‘China’s advance in quantum technology, absence of its roadmap in India cause of concern’

Sushant Kulkarni
Lt Gen (retd) Rajesh Pant (left) at the event.

National Cyber Security Coordinator (NCSC) Lt Gen (retd) Rajesh Pant said on Monday that China’s advances in quantum technology and an absence of roadmap on it in India were a “cause of concern”.

Lt Gen (retd) Pant was speaking at the inauguration of an international symposium on ‘Quantum Information Technology’ (ISQIT 2019) being organised in Pune by Defence Institute of Advanced Technology (DIAT), Defence Research and Development Organization (DRDO), National Technical Research Organisation (NTRO) and Joint Advanced Technology Centre (JATC) of Indian Institute of Technology, Delhi.

The four-day symposium, which will conclude Thursday, focuses on quantum technology - an emerging field that could transform information processing and confer big economic and national-security advantages to countries that dominate it.

Highlighting that there was a global race in quantum technology, Lt Gen (retd) Pant said, “My concern is China leading the race. Why am I saying this? Because it has established the first Quantum Satellite Network and distributed entangled photons between three terrestrial base stations separated by 1,200 kilometres. Quantum is at the heart of China’s 13th five-year plan. Chinese dominated in Quantum Computing patents in the last four years. They are presently building a multi-satellite quantum network national lab.”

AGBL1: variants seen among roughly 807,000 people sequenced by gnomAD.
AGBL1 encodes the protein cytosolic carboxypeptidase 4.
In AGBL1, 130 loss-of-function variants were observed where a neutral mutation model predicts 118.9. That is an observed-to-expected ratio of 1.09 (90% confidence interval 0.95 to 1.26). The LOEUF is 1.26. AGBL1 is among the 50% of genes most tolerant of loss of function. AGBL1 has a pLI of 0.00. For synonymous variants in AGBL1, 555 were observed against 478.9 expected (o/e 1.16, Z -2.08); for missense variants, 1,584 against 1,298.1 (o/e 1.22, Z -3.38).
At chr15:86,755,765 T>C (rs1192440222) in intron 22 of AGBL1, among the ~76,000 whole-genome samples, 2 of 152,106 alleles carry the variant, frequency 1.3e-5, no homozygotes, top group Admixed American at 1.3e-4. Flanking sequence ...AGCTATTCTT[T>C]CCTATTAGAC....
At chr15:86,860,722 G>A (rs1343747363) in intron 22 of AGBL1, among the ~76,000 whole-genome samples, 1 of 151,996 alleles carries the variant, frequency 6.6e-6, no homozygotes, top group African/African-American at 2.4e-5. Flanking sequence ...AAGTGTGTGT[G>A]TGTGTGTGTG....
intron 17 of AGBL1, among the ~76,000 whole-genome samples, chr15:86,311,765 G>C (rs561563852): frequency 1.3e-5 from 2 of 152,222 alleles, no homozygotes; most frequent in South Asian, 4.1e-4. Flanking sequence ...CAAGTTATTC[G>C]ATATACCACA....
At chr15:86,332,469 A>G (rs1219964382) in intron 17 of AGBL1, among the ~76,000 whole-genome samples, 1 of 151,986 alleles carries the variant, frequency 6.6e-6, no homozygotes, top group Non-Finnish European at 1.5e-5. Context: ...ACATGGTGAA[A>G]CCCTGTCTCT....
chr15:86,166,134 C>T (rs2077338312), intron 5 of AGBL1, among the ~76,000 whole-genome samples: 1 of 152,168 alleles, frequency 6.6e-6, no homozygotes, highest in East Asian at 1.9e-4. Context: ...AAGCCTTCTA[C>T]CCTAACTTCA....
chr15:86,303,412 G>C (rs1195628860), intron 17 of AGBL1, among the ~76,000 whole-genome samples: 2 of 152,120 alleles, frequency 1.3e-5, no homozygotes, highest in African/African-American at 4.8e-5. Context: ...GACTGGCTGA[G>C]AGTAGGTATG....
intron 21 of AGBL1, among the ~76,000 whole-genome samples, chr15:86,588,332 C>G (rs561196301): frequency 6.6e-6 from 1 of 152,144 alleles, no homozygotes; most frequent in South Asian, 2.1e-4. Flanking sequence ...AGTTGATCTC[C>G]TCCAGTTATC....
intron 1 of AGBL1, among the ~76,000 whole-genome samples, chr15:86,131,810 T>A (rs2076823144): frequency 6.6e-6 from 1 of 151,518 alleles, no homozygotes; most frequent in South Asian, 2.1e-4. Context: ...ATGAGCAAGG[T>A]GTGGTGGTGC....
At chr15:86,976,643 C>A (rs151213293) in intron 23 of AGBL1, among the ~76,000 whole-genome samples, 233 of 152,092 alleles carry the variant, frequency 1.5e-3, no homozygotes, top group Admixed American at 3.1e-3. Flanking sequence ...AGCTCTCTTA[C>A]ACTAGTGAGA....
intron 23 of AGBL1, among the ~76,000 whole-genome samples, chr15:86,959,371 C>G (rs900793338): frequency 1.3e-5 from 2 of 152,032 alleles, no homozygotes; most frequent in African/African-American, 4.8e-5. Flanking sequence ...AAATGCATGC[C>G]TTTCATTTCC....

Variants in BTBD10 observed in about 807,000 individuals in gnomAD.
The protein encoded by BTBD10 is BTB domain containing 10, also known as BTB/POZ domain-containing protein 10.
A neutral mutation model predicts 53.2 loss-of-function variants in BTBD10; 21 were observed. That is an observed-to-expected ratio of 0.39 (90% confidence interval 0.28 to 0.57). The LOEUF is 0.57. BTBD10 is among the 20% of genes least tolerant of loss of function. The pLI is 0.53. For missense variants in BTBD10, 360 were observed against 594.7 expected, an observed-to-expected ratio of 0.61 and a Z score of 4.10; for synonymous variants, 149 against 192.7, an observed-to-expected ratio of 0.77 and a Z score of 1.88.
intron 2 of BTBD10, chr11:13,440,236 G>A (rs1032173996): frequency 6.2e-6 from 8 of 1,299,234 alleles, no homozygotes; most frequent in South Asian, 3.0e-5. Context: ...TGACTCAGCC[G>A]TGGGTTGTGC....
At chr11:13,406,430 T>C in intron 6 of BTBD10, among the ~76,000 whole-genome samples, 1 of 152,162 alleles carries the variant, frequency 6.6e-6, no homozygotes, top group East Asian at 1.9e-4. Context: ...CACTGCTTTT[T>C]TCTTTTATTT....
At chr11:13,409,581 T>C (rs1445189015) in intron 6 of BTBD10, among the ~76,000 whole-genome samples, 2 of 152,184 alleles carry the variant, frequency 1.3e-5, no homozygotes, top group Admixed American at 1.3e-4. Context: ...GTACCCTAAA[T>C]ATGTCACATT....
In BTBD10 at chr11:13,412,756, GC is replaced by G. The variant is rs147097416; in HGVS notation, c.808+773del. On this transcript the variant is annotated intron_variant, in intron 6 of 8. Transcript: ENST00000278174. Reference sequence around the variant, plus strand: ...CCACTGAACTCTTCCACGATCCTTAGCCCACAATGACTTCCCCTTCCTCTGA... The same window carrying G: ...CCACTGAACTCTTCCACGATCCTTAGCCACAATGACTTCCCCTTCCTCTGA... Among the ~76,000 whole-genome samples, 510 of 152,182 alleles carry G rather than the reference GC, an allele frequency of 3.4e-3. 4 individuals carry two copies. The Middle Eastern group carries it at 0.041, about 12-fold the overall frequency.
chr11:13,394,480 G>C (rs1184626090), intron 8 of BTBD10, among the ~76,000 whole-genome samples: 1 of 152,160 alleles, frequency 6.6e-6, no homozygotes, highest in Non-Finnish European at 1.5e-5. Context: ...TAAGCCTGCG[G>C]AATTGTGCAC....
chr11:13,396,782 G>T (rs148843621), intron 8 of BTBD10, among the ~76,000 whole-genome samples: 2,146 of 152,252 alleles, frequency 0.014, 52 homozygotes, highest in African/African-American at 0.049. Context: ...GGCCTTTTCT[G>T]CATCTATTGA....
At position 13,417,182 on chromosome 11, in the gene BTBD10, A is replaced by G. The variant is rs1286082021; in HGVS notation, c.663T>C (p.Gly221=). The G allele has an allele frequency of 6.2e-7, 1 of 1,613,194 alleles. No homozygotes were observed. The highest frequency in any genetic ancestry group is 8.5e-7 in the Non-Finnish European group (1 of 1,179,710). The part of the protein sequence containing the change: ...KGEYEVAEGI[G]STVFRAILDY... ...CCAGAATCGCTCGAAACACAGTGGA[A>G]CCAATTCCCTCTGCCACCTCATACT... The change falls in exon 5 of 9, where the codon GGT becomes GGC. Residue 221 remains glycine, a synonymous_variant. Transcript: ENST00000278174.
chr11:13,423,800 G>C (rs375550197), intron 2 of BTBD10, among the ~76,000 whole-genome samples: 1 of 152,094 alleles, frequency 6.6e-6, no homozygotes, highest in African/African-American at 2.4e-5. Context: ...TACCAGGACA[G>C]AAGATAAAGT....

He added that the US National Quantum Initiative Act has assured $1.2 billion and the European Union 1 billion euros towards quantum technology.

Referring to the situation in India, he Lt Gen (retd) Pant said, “We find a mix of investment from both the private and government sectors. We have companies working on Quantum Key Distribution (QKD), post-quantum cryptography and Artificial Intelligence platform on quantum. The DRDO is also doing very significant work as also the Department of Science Technology, which has launched a quantum-enabled science and technology project. But I find many gaps in the Indian scenario. There is an absence of a quantum roadmap. There is no visibility in the quantum efforts and successes, and there is a lack of required skill power. As the national cybersecurity coordinator this a cause of concern for me.”

Harping on the importance of quantum technology in the field of cybersecurity, Lt Gen (retd) Pant said, “India is targeting $5 trillion economy by 2024 for which we require a certain growth rate. We are facing some macro-economic headwinds. Globally, an average of 2.5 per cent of the GDP is being lost due to cybercrimes. This is where quantum computing, key distribution and cryptography will come into the picture.”

He added, “Before 1993... disaster management was being handled by the Ministry of Agriculture in India because disasters like famine or flood mainly affected agriculture. In 1993, there was an earthquake in Latur and we created the National Disaster Management Authority which now has a presence across the country. Are we waiting for a cybersecurity ‘earthquake’ to strike before we get our act together?”

DRDO Chairman, G Satheesh Reddy, who was also present at the symposium, said a committee comprising top officials from IITs, NITs, central universities and DRDO has been set up to look into various futuristic areas of research and identify corresponding institutions where the work is currently on.